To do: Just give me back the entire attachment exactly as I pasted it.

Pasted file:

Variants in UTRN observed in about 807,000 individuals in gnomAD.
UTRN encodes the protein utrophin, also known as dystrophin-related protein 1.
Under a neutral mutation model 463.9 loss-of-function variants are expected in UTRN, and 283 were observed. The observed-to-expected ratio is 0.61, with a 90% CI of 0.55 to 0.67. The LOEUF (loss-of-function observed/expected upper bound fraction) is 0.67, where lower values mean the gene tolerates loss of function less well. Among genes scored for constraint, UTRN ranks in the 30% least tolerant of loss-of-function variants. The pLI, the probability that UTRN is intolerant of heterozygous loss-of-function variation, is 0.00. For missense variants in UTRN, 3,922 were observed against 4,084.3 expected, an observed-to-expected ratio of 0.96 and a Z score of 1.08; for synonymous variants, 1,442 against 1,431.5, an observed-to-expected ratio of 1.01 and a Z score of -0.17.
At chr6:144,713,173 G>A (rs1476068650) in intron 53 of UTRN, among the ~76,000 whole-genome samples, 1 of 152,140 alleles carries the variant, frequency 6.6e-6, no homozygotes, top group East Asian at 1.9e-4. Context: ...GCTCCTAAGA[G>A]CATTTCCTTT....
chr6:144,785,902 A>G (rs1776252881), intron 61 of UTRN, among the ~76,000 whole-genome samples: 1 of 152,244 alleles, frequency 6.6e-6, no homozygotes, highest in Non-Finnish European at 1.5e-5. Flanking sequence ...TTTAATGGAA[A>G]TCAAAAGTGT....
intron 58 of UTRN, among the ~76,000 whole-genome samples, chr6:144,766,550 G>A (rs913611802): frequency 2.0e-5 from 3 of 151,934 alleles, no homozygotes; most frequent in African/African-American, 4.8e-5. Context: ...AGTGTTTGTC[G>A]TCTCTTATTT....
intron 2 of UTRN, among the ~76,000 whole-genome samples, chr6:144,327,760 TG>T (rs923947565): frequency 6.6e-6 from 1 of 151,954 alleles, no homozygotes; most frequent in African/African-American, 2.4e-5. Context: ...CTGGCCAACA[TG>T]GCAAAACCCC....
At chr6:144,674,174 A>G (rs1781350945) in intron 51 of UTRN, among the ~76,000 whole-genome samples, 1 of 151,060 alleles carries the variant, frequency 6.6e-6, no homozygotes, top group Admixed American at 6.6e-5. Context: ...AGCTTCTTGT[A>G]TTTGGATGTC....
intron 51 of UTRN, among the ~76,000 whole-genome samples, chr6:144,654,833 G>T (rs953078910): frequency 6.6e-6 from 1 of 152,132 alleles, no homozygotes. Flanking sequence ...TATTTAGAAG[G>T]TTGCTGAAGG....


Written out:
Variants in UTRN observed in about 807,000 individuals in gnomAD.
UTRN encodes the protein utrophin, also known as dystrophin-related protein 1.
Under a neutral mutation model 463.9 loss-of-function variants are expected in UTRN, and 283 were observed. The observed-to-expected ratio is 0.61, with a 90% CI of 0.55 to 0.67. The LOEUF (loss-of-function observed/expected upper bound fraction) is 0.67, where lower values mean the gene tolerates loss of function less well. Among genes scored for constraint, UTRN ranks in the 30% least tolerant of loss-of-function variants. The pLI, the probability that UTRN is intolerant of heterozygous loss-of-function variation, is 0.00. For missense variants in UTRN, 3,922 were observed against 4,084.3 expected, an observed-to-expected ratio of 0.96 and a Z score of 1.08; for synonymous variants, 1,442 against 1,431.5, an observed-to-expected ratio of 1.01 and a Z score of -0.17.
At chr6:144,713,173 G>A (rs1476068650) in intron 53 of UTRN, among the ~76,000 whole-genome samples, 1 of 152,140 alleles carries the variant, frequency 6.6e-6, no homozygotes, top group East Asian at 1.9e-4. Context: ...GCTCCTAAGA[G>A]CATTTCCTTT....
chr6:144,785,902 A>G (rs1776252881), intron 61 of UTRN, among the ~76,000 whole-genome samples: 1 of 152,244 alleles, frequency 6.6e-6, no homozygotes, highest in Non-Finnish European at 1.5e-5. Flanking sequence ...TTTAATGGAA[A>G]TCAAAAGTGT....
intron 58 of UTRN, among the ~76,000 whole-genome samples, chr6:144,766,550 G>A (rs913611802): frequency 2.0e-5 from 3 of 151,934 alleles, no homozygotes; most frequent in African/African-American, 4.8e-5. Context: ...AGTGTTTGTC[G>A]TCTCTTATTT....
intron 2 of UTRN, among the ~76,000 whole-genome samples, chr6:144,327,760 TG>T (rs923947565): frequency 6.6e-6 from 1 of 151,954 alleles, no homozygotes; most frequent in African/African-American, 2.4e-5. Context: ...CTGGCCAACA[TG>T]GCAAAACCCC....
At chr6:144,674,174 A>G (rs1781350945) in intron 51 of UTRN, among the ~76,000 whole-genome samples, 1 of 151,060 alleles carries the variant, frequency 6.6e-6, no homozygotes, top group Admixed American at 6.6e-5. Context: ...AGCTTCTTGT[A>G]TTTGGATGTC....
intron 51 of UTRN, among the ~76,000 whole-genome samples, chr6:144,654,833 G>T (rs953078910): frequency 6.6e-6 from 1 of 152,132 alleles, no homozygotes. Flanking sequence ...TATTTAGAAG[G>T]TTGCTGAAGG....